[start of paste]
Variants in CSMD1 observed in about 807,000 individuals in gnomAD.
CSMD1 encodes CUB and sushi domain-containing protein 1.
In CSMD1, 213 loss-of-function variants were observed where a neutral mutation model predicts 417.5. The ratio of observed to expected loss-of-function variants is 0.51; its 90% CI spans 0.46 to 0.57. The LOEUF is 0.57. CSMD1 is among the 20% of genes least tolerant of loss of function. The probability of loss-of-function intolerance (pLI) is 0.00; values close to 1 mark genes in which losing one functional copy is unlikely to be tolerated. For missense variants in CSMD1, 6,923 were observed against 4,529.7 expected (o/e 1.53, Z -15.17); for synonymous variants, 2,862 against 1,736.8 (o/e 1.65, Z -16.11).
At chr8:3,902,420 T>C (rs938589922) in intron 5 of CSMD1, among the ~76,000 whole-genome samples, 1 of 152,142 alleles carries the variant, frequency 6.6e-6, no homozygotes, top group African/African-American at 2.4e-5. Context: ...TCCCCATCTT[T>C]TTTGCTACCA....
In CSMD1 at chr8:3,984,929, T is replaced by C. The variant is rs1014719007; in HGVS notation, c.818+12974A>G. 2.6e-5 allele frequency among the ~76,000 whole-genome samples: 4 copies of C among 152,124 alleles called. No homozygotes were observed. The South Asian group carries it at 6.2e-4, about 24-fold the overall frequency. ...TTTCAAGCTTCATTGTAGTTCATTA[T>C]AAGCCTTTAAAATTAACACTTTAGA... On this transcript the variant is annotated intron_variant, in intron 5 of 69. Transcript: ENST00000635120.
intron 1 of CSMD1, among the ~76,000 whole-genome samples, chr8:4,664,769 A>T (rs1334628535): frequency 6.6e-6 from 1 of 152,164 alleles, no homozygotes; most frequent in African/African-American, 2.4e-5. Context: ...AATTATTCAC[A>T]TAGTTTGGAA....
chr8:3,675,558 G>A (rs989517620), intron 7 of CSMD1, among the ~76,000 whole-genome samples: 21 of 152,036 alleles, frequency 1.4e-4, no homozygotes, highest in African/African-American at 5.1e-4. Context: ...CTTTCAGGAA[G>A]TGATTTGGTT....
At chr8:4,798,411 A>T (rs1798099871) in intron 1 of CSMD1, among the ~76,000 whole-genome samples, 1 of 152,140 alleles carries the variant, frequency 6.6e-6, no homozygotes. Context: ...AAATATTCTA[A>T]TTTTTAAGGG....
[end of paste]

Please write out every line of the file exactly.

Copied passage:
Variants in CSMD1 observed in about 807,000 individuals in gnomAD.
CSMD1 encodes CUB and sushi domain-containing protein 1.
In CSMD1, 213 loss-of-function variants were observed where a neutral mutation model predicts 417.5. The ratio of observed to expected loss-of-function variants is 0.51; its 90% CI spans 0.46 to 0.57. The LOEUF is 0.57. CSMD1 is among the 20% of genes least tolerant of loss of function. The probability of loss-of-function intolerance (pLI) is 0.00; values close to 1 mark genes in which losing one functional copy is unlikely to be tolerated. For missense variants in CSMD1, 6,923 were observed against 4,529.7 expected (o/e 1.53, Z -15.17); for synonymous variants, 2,862 against 1,736.8 (o/e 1.65, Z -16.11).
At chr8:3,902,420 T>C (rs938589922) in intron 5 of CSMD1, among the ~76,000 whole-genome samples, 1 of 152,142 alleles carries the variant, frequency 6.6e-6, no homozygotes, top group African/African-American at 2.4e-5. Context: ...TCCCCATCTT[T>C]TTTGCTACCA....
In CSMD1 at chr8:3,984,929, T is replaced by C. The variant is rs1014719007; in HGVS notation, c.818+12974A>G. 2.6e-5 allele frequency among the ~76,000 whole-genome samples: 4 copies of C among 152,124 alleles called. No homozygotes were observed. The South Asian group carries it at 6.2e-4, about 24-fold the overall frequency. ...TTTCAAGCTTCATTGTAGTTCATTA[T>C]AAGCCTTTAAAATTAACACTTTAGA... On this transcript the variant is annotated intron_variant, in intron 5 of 69. Transcript: ENST00000635120.
intron 1 of CSMD1, among the ~76,000 whole-genome samples, chr8:4,664,769 A>T (rs1334628535): frequency 6.6e-6 from 1 of 152,164 alleles, no homozygotes; most frequent in African/African-American, 2.4e-5. Context: ...AATTATTCAC[A>T]TAGTTTGGAA....
chr8:3,675,558 G>A (rs989517620), intron 7 of CSMD1, among the ~76,000 whole-genome samples: 21 of 152,036 alleles, frequency 1.4e-4, no homozygotes, highest in African/African-American at 5.1e-4. Context: ...CTTTCAGGAA[G>A]TGATTTGGTT....
At chr8:4,798,411 A>T (rs1798099871) in intron 1 of CSMD1, among the ~76,000 whole-genome samples, 1 of 152,140 alleles carries the variant, frequency 6.6e-6, no homozygotes. Context: ...AAATATTCTA[A>T]TTTTTAAGGG....